- Project Name
- Tsunashima House
- Roovice Co., Ltd.
- Project Types
- Single Family
- Project Scope
- 121 sq. meters
- Year Completed
- Shared by
- Michele Sandrin
- Moe Watanabe, Architect, Construction manager
- Project Status
Tsunashima House is the renovation of a two-storey family house and its detached stand-alone building originally built during the 1970s in Kohoku, north side of Yokohama.
The project wanted to subtract elements to the existing premises for opening the space, thus making the living areas more flexible. Prior to the renovation the first floor was indeed characterised by a hectic sequence of rooms and hallways that gave the dwelling a maze-like effect.
Therefore, the new layout generated a visual connection from the north side to the south by removing the walls in the centre of the plan. Their presence still remains thanks to the leftover diagonal pillars that now have a predominant role: they act as dividers between the various spaces, providing a pleasant transition from kitchen to dining and living.
Because of that, the whole floor plan managed to increase its amount of natural light. The Japanese-style room next to the entrance hasn’t received any change, with all the original elements still in place. This creates a nice distinction from the calm tone of the traditional ambience to the bright modernised space remaining. This contrast has been enhanced also vertically by the exposed ceiling of the living opposed to the flat one of the tatami room.
The kitchen wall is covered with the ordinary 10x10cm white tile which became popular in Japan starting from the XX century: while being an affordable and reliable material, it provides a cosy atmosphere by reflecting the light incoming from both horizontal and vertical openings. The ceiling window, in particular, has been simplified in its shape and fits now more with the structure and the surrounding walls.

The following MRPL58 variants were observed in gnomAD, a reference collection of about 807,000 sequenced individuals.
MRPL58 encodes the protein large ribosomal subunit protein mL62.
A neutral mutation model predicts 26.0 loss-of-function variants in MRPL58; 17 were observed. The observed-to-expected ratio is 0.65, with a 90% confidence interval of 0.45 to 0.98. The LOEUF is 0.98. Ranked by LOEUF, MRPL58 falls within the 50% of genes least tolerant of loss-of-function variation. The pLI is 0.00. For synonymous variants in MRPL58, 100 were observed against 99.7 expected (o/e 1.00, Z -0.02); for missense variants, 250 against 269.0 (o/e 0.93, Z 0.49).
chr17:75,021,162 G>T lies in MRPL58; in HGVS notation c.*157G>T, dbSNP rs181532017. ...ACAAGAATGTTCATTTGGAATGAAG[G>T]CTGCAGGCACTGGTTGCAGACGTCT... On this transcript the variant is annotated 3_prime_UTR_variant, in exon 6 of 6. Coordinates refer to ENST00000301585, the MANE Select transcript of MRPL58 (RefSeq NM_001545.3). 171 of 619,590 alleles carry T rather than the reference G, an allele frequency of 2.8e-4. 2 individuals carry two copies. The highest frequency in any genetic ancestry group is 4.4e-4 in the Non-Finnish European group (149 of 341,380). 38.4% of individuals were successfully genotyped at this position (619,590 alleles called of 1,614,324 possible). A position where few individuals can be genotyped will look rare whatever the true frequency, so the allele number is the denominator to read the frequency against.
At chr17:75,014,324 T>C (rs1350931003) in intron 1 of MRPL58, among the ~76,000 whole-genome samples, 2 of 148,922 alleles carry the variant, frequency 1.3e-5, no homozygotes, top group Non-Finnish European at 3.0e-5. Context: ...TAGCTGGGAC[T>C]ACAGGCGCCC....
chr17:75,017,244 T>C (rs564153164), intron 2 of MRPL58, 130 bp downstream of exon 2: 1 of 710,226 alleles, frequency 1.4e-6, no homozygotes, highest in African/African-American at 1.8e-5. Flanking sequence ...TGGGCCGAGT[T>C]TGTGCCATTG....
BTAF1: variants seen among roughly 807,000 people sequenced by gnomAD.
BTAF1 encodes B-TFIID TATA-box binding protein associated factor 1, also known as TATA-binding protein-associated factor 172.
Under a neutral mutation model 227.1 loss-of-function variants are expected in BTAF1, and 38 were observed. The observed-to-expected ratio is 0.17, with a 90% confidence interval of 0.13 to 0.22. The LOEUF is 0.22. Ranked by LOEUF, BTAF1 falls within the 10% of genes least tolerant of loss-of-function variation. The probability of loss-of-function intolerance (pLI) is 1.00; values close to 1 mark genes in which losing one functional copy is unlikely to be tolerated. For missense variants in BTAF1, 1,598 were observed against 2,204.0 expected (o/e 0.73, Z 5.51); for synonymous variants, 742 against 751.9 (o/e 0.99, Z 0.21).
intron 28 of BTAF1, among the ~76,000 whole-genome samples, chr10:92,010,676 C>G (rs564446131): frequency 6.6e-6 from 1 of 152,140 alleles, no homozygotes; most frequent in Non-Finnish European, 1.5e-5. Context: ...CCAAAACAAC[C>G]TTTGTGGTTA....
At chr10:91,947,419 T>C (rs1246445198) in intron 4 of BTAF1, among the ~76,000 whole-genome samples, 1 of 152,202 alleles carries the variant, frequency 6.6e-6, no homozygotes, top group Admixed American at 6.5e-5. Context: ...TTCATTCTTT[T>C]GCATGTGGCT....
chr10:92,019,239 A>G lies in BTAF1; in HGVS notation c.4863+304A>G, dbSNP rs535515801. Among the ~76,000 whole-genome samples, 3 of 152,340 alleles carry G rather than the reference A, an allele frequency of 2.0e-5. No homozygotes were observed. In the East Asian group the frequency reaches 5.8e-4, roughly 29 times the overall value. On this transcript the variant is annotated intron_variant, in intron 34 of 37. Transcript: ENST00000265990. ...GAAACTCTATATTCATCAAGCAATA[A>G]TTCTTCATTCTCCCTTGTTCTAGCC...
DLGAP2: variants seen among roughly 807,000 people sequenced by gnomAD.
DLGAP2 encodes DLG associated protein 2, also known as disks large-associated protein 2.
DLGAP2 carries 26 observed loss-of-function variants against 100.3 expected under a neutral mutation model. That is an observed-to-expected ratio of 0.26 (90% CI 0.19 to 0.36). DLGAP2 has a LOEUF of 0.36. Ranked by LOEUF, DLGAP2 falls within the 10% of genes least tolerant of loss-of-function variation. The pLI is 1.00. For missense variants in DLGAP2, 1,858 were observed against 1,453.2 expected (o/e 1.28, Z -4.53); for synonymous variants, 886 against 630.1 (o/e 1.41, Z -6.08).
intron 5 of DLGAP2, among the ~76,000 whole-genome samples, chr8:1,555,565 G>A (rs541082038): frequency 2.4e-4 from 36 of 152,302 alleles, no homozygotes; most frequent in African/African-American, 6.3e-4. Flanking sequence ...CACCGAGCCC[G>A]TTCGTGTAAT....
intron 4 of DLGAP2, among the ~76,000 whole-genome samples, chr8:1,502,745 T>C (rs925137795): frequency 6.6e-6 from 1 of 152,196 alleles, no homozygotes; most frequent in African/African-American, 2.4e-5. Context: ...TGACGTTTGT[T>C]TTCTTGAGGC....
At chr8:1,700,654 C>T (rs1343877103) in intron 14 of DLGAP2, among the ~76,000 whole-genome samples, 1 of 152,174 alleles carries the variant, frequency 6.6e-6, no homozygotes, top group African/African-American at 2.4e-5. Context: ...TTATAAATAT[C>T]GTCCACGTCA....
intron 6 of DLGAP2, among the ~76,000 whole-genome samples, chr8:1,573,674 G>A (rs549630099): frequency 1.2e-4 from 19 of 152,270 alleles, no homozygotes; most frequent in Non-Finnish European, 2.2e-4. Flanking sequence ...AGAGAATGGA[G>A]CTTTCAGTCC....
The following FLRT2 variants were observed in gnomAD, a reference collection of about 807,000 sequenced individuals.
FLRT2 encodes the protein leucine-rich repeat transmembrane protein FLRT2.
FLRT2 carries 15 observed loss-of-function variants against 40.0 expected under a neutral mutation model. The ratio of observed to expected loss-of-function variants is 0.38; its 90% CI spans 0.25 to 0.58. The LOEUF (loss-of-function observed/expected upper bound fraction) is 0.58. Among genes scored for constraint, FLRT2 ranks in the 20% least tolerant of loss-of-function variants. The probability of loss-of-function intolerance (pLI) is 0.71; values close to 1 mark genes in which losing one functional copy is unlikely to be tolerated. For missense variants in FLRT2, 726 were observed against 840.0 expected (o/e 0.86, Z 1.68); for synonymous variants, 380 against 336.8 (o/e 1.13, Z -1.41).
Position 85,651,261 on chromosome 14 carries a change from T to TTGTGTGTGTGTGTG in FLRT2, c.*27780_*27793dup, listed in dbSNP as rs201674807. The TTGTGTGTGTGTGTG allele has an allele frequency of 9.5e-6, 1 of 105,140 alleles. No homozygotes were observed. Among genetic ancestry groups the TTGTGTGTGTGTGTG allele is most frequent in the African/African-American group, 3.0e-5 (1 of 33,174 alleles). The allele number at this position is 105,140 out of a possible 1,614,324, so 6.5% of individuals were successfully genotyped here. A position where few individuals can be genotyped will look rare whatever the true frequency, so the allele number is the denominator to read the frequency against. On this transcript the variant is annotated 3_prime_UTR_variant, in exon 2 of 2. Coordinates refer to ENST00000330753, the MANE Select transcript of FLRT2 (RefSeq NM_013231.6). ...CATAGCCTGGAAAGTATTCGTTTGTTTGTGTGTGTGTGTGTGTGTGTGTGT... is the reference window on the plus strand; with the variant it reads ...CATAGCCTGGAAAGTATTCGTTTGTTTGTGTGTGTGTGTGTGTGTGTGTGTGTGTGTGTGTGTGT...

On the west end of the house, the wooden stairs lead to the above level. Here the layout hasn’t changed from before, since the work focused on repairing damaged elements or replacing when needed. Despite being designed roughly 35 years ago, the disposition of the second floor still works nowadays. Three rooms divide the space more or less equally, with a toilet on the north side and the stairways on the west. This gives each space a unique view and plenty of natural light thanks to the large size windows. Almost every element here has been repaired, with the pavements being the only exception.
In fact, all rooms replaced their outdated flooring for a new one with the same tone. In addition, the hallway removed the cushion layer in favour of the underneath covered woven floor. The juxtaposition of the latest carpet floor with the traditional wooden texture of the exposed structure in the Japanese-style room produces a relaxing contrast between old and dated features.
The renovation for the detached stand-alone brought some major changes both spatially and visually. Again, the internal walls were removed in favour of a continuous space, with the remaining pillar working as a threshold between the living room and the bedroom. Thanks to the disposition of the various services on the edges of the floor plan and to the bright overall aesthetic, the building benefits from plenty of natural light.